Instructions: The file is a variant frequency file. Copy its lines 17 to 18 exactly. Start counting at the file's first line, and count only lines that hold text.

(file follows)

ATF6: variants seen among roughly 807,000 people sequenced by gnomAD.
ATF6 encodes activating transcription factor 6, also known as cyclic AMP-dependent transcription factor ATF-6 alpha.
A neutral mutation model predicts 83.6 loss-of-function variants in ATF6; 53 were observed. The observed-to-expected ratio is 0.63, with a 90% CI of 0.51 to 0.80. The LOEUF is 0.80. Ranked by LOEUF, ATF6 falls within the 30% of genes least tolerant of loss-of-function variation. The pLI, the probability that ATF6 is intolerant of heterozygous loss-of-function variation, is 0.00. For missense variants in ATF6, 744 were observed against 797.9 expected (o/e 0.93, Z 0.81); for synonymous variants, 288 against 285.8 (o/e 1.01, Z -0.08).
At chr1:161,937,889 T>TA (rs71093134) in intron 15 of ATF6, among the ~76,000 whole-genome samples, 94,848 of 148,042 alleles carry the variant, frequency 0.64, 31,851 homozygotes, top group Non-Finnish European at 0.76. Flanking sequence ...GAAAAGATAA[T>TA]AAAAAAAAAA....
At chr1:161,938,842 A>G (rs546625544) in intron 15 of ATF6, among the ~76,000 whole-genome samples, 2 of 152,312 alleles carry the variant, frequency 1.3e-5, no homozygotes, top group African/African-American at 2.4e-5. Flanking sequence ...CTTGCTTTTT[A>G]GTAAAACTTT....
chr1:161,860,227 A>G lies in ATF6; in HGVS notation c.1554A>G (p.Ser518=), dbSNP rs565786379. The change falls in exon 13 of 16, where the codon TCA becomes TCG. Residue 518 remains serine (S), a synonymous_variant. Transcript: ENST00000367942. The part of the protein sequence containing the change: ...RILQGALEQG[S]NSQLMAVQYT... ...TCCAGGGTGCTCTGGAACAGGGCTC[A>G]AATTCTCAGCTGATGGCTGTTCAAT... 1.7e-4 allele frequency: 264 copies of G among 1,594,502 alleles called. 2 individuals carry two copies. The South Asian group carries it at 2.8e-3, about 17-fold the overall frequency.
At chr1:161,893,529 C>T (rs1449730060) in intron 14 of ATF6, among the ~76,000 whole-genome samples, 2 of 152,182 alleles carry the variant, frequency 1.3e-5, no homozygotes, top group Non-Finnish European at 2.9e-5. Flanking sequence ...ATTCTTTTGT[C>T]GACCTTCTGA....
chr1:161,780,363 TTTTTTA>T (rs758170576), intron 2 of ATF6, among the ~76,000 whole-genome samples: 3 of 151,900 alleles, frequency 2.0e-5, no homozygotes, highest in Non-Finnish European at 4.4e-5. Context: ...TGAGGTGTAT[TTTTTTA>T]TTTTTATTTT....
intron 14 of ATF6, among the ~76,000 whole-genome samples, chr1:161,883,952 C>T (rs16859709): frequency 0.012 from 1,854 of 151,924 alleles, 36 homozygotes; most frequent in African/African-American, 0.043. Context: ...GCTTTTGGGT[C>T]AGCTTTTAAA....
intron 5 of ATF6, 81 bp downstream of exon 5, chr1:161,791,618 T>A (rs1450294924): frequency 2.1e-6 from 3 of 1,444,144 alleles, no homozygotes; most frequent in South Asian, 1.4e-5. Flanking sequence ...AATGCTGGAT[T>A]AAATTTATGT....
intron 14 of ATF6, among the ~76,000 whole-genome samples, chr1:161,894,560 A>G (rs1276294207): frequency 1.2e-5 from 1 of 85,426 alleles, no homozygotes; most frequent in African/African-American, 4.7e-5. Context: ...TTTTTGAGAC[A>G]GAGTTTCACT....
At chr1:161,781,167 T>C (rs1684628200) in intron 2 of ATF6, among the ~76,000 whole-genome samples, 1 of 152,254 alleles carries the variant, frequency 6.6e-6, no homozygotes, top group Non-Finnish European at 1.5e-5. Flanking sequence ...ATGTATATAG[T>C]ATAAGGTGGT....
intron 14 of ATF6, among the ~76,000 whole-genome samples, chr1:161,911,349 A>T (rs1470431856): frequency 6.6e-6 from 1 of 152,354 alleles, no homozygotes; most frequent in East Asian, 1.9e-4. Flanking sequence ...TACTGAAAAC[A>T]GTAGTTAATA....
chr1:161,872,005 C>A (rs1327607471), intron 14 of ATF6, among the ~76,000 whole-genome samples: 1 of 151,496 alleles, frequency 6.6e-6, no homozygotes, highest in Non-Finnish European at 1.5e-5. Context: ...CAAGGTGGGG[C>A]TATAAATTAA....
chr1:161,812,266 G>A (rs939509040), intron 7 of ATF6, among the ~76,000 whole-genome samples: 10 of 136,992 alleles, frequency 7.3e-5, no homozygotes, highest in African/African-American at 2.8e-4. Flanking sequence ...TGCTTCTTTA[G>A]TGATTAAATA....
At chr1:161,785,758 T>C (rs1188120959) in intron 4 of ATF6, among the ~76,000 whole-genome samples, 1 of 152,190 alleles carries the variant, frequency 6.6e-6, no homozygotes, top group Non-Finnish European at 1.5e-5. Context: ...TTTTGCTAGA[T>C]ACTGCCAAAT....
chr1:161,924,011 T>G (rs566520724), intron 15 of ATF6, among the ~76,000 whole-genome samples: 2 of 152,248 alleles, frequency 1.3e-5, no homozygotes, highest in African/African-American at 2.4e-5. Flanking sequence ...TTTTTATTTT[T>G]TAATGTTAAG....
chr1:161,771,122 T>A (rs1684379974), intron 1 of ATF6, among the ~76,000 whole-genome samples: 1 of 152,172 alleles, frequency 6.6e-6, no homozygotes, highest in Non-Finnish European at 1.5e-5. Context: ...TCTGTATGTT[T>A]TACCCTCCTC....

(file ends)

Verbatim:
chr1:161,924,011 T>G (rs566520724), intron 15 of ATF6, among the ~76,000 whole-genome samples: 2 of 152,248 alleles, frequency 1.3e-5, no homozygotes, highest in African/African-American at 2.4e-5. Flanking sequence ...TTTTTATTTT[T>G]TAATGTTAAG....
chr1:161,771,122 T>A (rs1684379974), intron 1 of ATF6, among the ~76,000 whole-genome samples: 1 of 152,172 alleles, frequency 6.6e-6, no homozygotes, highest in Non-Finnish European at 1.5e-5. Context: ...TCTGTATGTT[T>A]TACCCTCCTC....